Gary McClain, PhD, is a therapist who specializes in helping clients deal with the emotional impact of chronic and life-threatening illnesses.
Just diagnosed? How are you feeling about your life?
Here’s what I heard from a client recently:
“Pretty much all I can think about is how my life is never going to be the same again. My life is going to be all about my health. What I have to do. What I can’t do. What I need to watch out for. To be honest, I think about all of this and I just don’t like my life anymore.”
Sure, when you are first diagnosed, it’s hard not to feel overwhelmed at everything that seems to come at you at once, all of which can be summarized in one word: change. Change in such things as medication regimens. Diet. Daily routines. Along with the need to process information that, given the choice, you would rather avoid. And a whole lot of feelings being brought up. No, it’s not easy coping with a new medical diagnosis.
Living your best life starts with going through the motions
Here’s some advice that I give my clients: keep going through the motions of your life.
You might be asking, Just how do I do that? Well, here’s how:
Follow as much as you can of your daily routine. While your chronic condition may cause you to modify your daily routine in some ways, don’t assume life as you know it has ended. Don’t allow these modifications to cause you to throw your whole routine out the window. Take a look at the aspects of your daily routine that you can continue, and figure out how to integrate any necessary changes. Keep in mind that routines give us a sense of security, so hang on to as many of yours as you can.
But also embrace the reality of a new normal. The daily motions of your life are changing. Think of the future as a combination of the old and familiar aspects of your routine along with the integration of changes. Not an end, but a transition.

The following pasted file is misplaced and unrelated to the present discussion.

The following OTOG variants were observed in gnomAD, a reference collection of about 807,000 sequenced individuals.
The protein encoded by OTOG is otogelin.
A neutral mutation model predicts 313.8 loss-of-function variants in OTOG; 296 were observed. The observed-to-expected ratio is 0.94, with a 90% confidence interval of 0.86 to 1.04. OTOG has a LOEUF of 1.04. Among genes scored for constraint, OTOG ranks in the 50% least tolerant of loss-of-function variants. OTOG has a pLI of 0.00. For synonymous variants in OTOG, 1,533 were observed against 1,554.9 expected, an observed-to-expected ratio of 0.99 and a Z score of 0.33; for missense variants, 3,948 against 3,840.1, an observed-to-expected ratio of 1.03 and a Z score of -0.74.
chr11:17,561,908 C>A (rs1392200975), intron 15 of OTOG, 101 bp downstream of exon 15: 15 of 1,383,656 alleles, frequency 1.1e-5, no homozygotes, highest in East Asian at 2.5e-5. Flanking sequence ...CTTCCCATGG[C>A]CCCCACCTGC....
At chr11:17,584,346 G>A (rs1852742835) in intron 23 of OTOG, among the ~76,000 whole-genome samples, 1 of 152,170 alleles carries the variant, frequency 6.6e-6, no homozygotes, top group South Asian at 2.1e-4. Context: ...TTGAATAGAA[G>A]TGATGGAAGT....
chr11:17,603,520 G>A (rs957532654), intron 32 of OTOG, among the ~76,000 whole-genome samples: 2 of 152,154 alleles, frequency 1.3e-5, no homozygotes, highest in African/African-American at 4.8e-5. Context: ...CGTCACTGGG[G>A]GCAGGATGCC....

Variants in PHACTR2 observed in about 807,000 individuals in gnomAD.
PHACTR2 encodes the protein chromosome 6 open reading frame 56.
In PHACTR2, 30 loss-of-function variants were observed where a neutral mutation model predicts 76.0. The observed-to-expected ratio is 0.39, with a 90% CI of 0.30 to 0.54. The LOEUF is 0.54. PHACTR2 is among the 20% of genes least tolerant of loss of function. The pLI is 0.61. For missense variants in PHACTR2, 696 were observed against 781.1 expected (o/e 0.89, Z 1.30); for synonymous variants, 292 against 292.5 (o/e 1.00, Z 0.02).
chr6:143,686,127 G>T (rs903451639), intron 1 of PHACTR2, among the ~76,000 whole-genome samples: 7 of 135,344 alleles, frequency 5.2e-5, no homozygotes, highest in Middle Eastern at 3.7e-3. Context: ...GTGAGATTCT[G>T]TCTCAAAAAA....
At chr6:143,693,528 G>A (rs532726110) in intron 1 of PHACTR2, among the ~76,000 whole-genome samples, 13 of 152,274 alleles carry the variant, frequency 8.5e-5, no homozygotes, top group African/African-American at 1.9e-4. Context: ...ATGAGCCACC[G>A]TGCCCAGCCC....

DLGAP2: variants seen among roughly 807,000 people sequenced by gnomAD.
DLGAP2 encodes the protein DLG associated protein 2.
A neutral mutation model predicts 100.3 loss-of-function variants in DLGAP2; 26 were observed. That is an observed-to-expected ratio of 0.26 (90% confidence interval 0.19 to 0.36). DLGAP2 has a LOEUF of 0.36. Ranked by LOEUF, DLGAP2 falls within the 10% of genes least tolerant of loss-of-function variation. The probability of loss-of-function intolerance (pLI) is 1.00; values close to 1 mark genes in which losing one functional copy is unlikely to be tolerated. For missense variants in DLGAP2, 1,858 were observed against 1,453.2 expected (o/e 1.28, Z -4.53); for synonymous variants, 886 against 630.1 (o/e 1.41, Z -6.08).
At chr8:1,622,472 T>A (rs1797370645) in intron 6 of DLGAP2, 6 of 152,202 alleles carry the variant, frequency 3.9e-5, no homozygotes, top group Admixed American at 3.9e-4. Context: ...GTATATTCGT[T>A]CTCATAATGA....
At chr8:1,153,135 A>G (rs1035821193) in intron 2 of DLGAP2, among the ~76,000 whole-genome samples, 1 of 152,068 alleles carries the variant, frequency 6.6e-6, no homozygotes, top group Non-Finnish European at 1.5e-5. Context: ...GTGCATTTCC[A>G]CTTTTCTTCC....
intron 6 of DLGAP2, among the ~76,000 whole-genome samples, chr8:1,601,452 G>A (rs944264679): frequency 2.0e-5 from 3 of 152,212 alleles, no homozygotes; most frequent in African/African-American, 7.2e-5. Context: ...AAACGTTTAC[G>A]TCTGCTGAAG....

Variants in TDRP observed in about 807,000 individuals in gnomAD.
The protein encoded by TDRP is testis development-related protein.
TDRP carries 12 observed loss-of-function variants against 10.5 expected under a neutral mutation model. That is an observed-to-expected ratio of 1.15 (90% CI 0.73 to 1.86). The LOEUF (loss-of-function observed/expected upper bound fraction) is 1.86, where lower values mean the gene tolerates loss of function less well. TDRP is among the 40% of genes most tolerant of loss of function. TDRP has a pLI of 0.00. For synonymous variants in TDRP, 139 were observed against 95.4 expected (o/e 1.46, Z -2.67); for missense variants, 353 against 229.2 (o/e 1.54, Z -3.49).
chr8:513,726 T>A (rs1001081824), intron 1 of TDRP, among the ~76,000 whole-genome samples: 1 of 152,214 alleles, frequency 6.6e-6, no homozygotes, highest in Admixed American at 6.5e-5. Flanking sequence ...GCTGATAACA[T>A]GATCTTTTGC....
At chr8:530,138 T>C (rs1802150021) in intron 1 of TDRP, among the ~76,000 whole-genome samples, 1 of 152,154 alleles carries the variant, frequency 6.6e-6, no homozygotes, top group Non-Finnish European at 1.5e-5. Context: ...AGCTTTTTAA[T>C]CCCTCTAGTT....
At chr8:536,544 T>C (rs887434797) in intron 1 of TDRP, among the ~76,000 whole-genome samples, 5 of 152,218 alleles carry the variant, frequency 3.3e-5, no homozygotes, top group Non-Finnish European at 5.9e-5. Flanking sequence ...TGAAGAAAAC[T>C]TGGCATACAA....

Keep doing what you can do. When changes must be made, it is only human nature to be tempted to throw your hands up in the air and give up on having the life you once enjoyed. While normal, it is also defeatist thinking. Sit down with yourself and make a list of the things that give your life meaning and joy. Make sure you are continuing to build these activities into your daily life, even if you have to modify either how you do them or when you do them, or both. Don’t give up on yourself.
Maintain your appearance. How we present ourselves to the outside world has a big impact both on how we perceive ourselves as well as how we are perceived by others. Sometimes, my clients can feel so frustrated and defeated by their diagnosis that, at least temporarily, they stop taking care of their appearance. They dress a little sloppy, or they don’t take care of their hair like they used to. I encourage you to continue to pay attention to how you present yourself to the world. This is a great way to tell yourself, and others, that you are indeed fully engaged in life. (I know, you may not feel like it inside.)
Make plans. Even if you end up having to make changes or cancel them. One of the most important ways to stay involved in life is to continue to make plans. Schedule time with friends, for example. Continue to attend meetings or events that you have been involved in. You may have to modify your involvement, or even cancel at the last minute. But what’s important is to maintain commitments to the best of your ability. Don’t isolate.
Watch your language. Your words are much more powerful than you think. If you are constantly telling yourself, and others, what you can’t do anymore, or how your chronic condition has changed your life for the worse, then your body and mind may act accordingly. In other words, you can talk yourself into focusing on loss, and make yourself feel worse, or you can talk yourself into focusing on what’s possible. Choose your words carefully.
Most important: don’t wait until you are feeling it. My clients often talk to me about how they just don’t feel like moving forward, how they feel stuck. What I encourage them to do is this: get moving. Whether you are feeling it or not. Take action. Let the feelings catch up later. And believe me, it works. Taking action gives you a sense of mastery, being connected with your life and with the world. And that feels pretty good.
Be patient with yourself. You are dealing with a lot, coping with a new diagnosis and potentially some big—and unwanted—changes in your life. Do the best you can. This is a reason to be kind to—and not beat up on—yourself.
So keep going through the motions of your life. To help you, here’s a great way to shift your perspective: don’t build your life around your chronic condition. Instead, integrate the management of your condition into your life. Stay connected with your life, one step at a time!
What has helped you adjust to living with a chronic condition? Comment below to share a lesson you’ve learned or a great piece of advice you heard.